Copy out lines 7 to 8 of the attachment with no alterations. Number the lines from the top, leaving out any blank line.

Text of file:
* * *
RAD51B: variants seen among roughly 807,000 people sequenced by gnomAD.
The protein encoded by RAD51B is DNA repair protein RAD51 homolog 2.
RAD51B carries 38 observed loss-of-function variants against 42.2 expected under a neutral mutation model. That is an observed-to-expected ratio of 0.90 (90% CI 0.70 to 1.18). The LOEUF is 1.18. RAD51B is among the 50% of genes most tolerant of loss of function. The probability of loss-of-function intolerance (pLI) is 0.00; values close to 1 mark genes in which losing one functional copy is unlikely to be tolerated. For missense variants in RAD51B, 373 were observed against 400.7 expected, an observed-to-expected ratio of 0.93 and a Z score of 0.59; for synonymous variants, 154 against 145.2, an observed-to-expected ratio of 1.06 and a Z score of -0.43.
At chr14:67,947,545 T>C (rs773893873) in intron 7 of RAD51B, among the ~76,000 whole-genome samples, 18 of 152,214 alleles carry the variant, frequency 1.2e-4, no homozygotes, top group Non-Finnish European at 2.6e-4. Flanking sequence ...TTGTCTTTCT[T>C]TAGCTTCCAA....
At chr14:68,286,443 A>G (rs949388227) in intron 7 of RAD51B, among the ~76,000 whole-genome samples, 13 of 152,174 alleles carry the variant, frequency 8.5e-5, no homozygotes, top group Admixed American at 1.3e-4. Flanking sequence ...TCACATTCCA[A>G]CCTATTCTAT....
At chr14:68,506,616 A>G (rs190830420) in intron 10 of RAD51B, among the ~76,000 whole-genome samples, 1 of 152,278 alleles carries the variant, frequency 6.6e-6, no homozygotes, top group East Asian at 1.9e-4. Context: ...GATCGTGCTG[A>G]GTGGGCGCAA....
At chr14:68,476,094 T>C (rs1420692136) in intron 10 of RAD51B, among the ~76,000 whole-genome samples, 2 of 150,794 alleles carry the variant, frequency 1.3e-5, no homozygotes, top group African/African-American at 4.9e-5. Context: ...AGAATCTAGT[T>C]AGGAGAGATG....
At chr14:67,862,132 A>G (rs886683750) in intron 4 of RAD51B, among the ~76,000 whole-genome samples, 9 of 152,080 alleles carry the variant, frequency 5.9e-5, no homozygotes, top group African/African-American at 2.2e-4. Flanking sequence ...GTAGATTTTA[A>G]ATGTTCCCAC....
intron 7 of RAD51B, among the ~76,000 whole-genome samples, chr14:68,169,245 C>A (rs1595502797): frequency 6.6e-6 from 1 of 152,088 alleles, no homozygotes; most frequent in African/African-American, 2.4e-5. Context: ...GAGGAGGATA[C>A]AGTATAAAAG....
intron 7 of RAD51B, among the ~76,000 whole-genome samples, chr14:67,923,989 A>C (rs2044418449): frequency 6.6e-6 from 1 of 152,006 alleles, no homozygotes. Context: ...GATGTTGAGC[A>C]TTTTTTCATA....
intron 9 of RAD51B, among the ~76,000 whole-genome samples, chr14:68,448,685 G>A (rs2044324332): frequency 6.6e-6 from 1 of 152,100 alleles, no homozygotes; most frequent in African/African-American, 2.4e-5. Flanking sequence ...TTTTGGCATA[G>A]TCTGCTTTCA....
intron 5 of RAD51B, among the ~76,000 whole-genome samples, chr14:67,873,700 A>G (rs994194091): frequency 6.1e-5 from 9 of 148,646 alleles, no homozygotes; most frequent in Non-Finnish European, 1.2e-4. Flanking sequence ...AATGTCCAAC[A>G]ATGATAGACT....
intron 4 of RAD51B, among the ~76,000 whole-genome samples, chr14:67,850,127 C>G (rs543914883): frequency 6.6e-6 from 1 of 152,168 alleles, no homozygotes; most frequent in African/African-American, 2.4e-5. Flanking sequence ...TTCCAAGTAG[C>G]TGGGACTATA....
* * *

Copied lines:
At chr14:68,476,094 T>C (rs1420692136) in intron 10 of RAD51B, among the ~76,000 whole-genome samples, 2 of 150,794 alleles carry the variant, frequency 1.3e-5, no homozygotes, top group African/African-American at 4.9e-5. Context: ...AGAATCTAGT[T>C]AGGAGAGATG....
At chr14:67,862,132 A>G (rs886683750) in intron 4 of RAD51B, among the ~76,000 whole-genome samples, 9 of 152,080 alleles carry the variant, frequency 5.9e-5, no homozygotes, top group African/African-American at 2.2e-4. Flanking sequence ...GTAGATTTTA[A>G]ATGTTCCCAC....